- The human brain is not “wired” for reading.
- Children need to perceive speech sounds and letters quickly and accurately as a precursor for reading.
- In the occipital lobe, there is a “letter box”—the visual word form area of the brain.
- Recent research indicates that dyslexics have trouble with both hearing the sounds within words & recognizing letters.
- For many with dyslexia, the “letter box” part of the brain is not responding the way it does in typical readers.
How much of dyslexia is visual vs. auditory?
The human brain is designed to naturally acquire many skills. As all parents know well, most children easily learn to walk and talk without any special instruction. But what many of us don’t realize is that the human brain was not designed to read. Anthropologists say that Homo sapiens has been on earth for 200,000 years but the alphabet is only 4,000 years old. Even after human written language appeared, very few adults could read or write. In fact, it wasn't until 1917 that all states in the U.S. had compulsory education laws.
Stanislas Dehaene, one of the foremost experts involved in research on reading and math in the brain, has noted that in order to read, we have to recruit brain architecture that was designed for other purposes. We can think about this as a kind of neurological recycling – using brain circuits specifically adapted over centuries for one purpose, like communication, to become part of newer circuits, like those needed for reading. Fortunately, the language and visual object recognition networks of the brain mature in early pre-school years, and then multitask in a way to reconfigure for reading.
To understand this brain recycling process, it is helpful to remind ourselves of what underlying capacities are needed for reading. With an alphabetic language like English, reading requires that we integrate the speech sounds of our language, the phonemes, with the letters, graphemes. This “sound-letter (or phoneme-grapheme) correspondence” necessitates two capacities - the ability to perceive speech sounds quickly and accurately as well as the ability to perceive letters quickly and accurately. It is the latter skill that Dr. Dehaene discusses in a journal article entitled “Inside the Letter Box”.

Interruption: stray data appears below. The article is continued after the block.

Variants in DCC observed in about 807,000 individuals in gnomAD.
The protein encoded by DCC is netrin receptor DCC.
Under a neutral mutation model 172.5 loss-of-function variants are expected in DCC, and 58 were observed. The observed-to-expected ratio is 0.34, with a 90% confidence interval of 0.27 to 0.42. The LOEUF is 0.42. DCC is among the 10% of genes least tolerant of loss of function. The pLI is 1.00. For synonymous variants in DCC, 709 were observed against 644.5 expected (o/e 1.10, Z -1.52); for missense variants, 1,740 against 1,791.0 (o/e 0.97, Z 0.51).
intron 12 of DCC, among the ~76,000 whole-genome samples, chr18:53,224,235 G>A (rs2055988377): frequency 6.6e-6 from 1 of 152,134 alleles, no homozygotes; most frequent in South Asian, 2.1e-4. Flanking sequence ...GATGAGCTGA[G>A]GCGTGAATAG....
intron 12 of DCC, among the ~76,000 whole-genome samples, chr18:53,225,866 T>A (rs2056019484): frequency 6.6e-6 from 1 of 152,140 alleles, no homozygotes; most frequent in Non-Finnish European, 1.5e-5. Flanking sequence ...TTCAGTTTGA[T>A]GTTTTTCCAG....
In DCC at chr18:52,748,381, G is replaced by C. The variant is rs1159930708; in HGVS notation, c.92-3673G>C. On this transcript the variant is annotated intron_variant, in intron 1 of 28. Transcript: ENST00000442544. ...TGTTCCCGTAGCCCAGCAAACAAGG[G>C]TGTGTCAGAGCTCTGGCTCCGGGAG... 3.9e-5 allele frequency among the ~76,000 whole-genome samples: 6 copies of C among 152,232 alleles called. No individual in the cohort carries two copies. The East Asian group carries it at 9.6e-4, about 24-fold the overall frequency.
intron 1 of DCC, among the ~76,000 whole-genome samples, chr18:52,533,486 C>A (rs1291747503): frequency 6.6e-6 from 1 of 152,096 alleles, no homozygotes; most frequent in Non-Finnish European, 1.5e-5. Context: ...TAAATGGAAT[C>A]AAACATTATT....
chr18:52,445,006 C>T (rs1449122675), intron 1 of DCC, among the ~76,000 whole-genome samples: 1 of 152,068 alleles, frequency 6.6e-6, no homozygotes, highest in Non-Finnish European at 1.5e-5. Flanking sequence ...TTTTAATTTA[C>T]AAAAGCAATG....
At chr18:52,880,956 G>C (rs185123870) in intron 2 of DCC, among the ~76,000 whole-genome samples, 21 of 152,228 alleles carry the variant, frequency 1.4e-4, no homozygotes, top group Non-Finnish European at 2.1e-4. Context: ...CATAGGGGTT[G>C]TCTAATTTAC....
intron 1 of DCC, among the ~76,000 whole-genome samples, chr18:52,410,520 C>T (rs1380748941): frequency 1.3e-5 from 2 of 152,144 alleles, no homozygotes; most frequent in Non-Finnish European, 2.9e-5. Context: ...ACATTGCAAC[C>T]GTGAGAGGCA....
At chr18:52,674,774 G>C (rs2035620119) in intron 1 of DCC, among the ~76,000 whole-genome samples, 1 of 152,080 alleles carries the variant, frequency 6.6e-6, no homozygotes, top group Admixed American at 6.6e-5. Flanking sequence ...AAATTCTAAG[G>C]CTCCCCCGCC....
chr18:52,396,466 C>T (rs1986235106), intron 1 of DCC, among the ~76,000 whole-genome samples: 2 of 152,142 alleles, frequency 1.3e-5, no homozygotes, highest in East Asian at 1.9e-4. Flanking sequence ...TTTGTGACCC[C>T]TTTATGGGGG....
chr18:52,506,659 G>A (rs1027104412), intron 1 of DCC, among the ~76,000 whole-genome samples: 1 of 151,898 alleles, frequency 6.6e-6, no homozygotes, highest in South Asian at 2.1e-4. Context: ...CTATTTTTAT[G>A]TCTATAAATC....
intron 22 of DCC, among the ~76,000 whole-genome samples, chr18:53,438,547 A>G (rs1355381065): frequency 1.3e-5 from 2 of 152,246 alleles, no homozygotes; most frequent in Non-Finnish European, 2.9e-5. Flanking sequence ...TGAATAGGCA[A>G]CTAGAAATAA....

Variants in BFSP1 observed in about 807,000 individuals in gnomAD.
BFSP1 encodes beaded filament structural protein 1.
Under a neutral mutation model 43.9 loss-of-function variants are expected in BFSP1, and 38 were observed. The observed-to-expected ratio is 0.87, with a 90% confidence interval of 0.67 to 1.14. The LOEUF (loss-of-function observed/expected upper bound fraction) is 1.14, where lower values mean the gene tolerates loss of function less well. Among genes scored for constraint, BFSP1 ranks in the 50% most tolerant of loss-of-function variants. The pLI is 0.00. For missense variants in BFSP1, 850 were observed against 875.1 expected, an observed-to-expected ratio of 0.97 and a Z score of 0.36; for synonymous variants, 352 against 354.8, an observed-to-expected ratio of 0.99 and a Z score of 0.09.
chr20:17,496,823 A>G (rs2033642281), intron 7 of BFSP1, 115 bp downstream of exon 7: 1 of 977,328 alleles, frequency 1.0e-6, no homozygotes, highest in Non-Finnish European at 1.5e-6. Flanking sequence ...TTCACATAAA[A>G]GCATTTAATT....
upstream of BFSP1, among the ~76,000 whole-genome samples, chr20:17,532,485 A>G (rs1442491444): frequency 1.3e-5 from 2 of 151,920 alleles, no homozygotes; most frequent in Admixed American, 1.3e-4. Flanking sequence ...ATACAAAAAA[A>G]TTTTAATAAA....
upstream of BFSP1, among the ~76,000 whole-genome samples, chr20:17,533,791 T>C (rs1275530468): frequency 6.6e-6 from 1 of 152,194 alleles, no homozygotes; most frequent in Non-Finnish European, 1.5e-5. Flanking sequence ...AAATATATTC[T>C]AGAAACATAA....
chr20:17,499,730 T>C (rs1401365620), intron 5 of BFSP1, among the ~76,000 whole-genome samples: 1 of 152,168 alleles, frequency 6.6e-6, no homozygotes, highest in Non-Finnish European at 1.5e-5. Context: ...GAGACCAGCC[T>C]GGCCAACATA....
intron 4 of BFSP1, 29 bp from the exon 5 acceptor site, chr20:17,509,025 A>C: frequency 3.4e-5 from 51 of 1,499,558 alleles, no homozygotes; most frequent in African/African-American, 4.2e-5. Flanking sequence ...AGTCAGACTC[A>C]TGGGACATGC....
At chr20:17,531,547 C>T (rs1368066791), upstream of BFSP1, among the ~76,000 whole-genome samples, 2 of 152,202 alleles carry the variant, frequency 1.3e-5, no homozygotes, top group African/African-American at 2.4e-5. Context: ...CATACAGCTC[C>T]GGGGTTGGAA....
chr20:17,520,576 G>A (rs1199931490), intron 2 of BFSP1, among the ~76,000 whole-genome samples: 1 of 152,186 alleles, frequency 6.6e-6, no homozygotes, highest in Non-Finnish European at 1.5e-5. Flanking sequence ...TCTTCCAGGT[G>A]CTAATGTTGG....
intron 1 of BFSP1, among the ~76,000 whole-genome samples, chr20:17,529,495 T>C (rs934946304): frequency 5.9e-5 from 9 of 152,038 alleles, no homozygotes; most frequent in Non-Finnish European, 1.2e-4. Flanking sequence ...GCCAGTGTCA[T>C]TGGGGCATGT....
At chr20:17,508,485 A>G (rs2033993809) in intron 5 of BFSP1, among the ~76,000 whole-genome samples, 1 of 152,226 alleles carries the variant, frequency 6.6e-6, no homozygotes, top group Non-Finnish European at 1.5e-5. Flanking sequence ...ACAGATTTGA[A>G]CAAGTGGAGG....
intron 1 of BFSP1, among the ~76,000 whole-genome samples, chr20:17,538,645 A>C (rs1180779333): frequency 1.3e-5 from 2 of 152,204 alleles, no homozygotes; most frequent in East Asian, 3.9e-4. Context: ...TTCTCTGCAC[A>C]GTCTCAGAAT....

According to Dr. Dehaene, the visual word form area of the brain, a region at the base of the the visual part of the brain (the occipital lobe) in the left hemisphere, is the brain’s “letter box”. It is called the “letter box” because it shows stronger activation to written words than to other kinds of visual stimuli (like faces or places). And, for all of us who can read, it is located in the same spot, very specifically housed between the areas of the occipital lobe that are activated when we see pictured objects and faces. Dehaene and others have noted that if the “letter box” is damaged or disconnected from other brain regions by a stroke or other form of localized brain injury, the individual often loses the capacity to read.
Interestingly, Dr. Dehaene states that the “letter box” doesn’t just enable us to recognize words. It has other highly sophisticated capabilities that are essential for fluent reading. For example, it lights up first when a person is asked to determine whether the words written as “READ” and “read”, are the same words. Although to most readers of the this blog, that seems like a simple task, uppercase and lowercase letters such as “A” and “a” or “R” and “r” or even “D” and “d” are actually not at all alike in shape or configuration. We have to learn to “see” them as the same letter even though they are very different shapes. That doesn’t happen with other visual objects – we don’t ever see a circle and triangle as the same shapes or our husband’s and brother-in-law’s faces as indistinguishable. So letters are unique in that way – in fact, not only are upper and lower case letters identified as equivalent, we also read script letters, from many different handwriting styles as the same.
A logical question raised then, when trying to understand children with dyslexia, is whether the visual word form area is functioning the same way when children struggle to learn to read or to read fluently. Former blog posts have discussed how most children diagnosed with dyslexia show problems with the ability to perceive speech sounds, the other half of the “sound to letter” correspondence capacity. But are there also problems with identification of letters visually? Dr. Dehaene research suggests the answer is ‘yes'.